Monkeypox Here To Stay


A recent POLITICO headline reads Monkeypox may be here to stay, and writes “the disease has gained a foothold among men who have sex with men, and experts warn that time is running out to stop the virus from spreading in the U.S. population more broadly”.

Quoting federal public health experts, the POLITICO writes that many factors were responsible for the the White House’s slow/inadequate response to the emerging virus to gain foothold in some population. Some of those include:

  • Clunky early testing protocols,
  • Slow vaccine distribution,
  • A lack of federal funding to help state and local governments respond to the outbreak, and
  • Patchy communication with communities most affected by the virus

POLITICO writes “epidemiologists, public health officials and doctors now fear the government cannot eliminate the disease in that community, and they’re warning that they are running out of time to stop the virus from spreading in the U.S. population more broadly”.

Sara Sawyer, a professor at the University of Colorado in Boulder who studies the spread of animal viruses to humans, told POLITICO “We now have so many infections in so many corners of the Earth that it will be very difficult to chase this down with vaccination campaigns. Not only do we not have enough vaccines, but if even some people go undetected or don’t have symptoms, they’re going to continue to spread it.”

Demetre Daskalakis, deputy coordinator of the White House’s monkeypox response effort, reportedly told POLITICO “We’re definitely in the boat of trying to control this outbreak. The outbreak has been full of twists and turns that have forced federal health officials to continually pivot. I’m pretty confident that we’re on the right track.”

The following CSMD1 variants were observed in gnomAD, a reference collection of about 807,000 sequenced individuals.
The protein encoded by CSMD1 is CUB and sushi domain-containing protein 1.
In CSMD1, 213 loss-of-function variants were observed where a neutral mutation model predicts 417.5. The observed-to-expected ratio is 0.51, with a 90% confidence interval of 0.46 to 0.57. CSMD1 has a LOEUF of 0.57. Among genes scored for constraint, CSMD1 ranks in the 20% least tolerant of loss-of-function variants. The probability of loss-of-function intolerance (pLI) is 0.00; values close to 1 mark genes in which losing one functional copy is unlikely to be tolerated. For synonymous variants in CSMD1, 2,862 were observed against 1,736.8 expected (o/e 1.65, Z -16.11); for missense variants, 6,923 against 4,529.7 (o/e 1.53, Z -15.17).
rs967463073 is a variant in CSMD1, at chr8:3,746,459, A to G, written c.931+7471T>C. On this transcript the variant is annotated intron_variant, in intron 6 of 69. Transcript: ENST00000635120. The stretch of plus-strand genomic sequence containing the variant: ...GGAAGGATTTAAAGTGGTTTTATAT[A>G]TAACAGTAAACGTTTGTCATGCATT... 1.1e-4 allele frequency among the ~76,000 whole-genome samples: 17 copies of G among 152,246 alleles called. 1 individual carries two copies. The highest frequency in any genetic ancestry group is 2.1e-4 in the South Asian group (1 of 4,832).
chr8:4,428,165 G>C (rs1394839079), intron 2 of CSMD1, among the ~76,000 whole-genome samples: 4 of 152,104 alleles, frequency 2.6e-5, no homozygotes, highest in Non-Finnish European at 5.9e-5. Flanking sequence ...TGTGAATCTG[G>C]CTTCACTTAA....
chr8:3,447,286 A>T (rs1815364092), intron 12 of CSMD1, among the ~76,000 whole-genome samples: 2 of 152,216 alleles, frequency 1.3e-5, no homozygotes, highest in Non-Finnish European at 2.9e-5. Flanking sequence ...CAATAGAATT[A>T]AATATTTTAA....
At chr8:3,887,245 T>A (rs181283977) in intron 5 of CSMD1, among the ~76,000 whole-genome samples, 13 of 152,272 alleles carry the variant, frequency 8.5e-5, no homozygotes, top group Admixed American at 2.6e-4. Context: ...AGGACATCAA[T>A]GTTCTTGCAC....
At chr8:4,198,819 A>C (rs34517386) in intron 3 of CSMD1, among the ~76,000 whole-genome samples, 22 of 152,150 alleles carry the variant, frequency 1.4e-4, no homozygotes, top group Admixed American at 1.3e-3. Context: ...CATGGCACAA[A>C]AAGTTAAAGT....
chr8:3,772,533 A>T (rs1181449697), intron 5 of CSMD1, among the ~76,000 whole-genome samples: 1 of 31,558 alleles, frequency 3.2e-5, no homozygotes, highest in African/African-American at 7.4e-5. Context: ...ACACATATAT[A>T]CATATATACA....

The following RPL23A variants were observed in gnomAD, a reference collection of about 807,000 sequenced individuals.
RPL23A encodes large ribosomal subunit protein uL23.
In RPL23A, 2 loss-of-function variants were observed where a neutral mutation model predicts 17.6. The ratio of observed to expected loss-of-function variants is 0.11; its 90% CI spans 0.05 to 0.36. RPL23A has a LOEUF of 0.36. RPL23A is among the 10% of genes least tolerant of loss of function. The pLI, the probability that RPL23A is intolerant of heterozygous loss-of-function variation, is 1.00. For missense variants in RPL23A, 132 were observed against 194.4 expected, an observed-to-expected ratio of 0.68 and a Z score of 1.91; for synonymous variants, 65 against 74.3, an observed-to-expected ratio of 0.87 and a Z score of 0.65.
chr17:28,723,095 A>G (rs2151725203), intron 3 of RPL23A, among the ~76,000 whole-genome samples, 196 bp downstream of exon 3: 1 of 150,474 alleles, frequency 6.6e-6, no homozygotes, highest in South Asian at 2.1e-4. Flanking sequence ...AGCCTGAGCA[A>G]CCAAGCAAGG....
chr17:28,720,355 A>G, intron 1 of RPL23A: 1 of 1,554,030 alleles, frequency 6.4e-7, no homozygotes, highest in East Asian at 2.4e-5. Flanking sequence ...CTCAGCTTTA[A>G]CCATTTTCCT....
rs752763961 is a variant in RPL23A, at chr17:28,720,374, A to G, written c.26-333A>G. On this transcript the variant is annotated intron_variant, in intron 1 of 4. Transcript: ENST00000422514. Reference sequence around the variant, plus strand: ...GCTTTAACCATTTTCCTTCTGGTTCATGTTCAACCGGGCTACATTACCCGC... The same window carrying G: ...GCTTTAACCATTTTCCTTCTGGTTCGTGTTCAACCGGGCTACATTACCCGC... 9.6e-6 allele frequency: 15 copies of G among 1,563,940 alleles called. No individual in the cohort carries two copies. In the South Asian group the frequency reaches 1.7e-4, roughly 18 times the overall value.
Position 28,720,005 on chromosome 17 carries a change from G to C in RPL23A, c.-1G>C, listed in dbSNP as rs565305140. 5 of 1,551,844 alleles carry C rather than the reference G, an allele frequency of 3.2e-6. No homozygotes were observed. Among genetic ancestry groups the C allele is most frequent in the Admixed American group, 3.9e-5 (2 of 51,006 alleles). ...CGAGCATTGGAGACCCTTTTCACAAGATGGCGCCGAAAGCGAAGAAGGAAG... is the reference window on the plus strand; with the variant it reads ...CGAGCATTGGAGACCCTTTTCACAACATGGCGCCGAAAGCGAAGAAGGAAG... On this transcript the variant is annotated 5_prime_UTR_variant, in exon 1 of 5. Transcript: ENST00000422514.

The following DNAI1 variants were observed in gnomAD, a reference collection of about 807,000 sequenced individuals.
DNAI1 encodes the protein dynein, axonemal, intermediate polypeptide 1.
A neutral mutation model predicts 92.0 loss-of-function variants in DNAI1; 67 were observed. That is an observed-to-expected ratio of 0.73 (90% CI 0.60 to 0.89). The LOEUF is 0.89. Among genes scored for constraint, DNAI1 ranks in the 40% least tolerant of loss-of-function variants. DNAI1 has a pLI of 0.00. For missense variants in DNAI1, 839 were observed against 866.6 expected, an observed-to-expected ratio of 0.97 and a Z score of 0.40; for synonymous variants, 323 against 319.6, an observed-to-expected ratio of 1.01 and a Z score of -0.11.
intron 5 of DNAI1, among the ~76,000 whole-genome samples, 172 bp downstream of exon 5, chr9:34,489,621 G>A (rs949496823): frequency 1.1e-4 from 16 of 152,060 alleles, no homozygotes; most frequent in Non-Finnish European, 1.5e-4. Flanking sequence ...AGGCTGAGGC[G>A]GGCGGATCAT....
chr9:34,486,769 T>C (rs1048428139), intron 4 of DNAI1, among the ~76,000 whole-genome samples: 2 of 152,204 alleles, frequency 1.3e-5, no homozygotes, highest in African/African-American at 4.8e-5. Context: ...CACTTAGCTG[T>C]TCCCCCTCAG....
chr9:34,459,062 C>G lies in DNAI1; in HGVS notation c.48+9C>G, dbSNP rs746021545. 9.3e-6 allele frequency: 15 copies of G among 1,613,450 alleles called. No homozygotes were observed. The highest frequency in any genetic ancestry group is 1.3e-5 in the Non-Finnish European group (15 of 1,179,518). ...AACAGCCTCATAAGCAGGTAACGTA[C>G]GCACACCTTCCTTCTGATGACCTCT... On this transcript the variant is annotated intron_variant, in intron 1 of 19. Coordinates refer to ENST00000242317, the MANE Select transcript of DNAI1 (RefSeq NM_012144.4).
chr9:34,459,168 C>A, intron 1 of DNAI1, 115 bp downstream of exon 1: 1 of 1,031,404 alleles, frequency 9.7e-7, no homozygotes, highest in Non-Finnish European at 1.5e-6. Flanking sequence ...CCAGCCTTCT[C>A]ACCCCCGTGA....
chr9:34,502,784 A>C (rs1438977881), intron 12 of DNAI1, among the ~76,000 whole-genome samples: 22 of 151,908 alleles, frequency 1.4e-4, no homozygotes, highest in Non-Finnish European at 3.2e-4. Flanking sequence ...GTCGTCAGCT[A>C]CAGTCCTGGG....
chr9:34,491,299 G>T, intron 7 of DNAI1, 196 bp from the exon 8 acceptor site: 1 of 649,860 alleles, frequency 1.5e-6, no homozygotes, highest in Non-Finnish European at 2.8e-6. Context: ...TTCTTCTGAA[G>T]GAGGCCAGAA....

Jay Varma, director of the Cornell Center for Pandemic Prevention and Response, told POLITICO “We just don’t have the kind of public health and health care infrastructure to eliminate this. If we can’t eliminate syphilis, which is a disease that is readily treatable with a shot of penicillin, I find it very hard to believe that we’ll be able to control monkeypox.”

Michael Osterholm, director of the Center for Infectious Disease Research and Policy at the University of Minnesota, reportedly said “This thing was out of the barn long before the barn was even built.”

Anne Rimoin, a UCLA epidemiology professor who wrote a paper in 2010 laying out the scenario, told POLITICO “People are always searching for some new answer as to why this is a problem, but the problem is because we’re just not well-resourced to be able to adequately get in front of these viruses and stay in front of them, and we’ll continue to make that mistake. This was something that needed attention back in 2010.”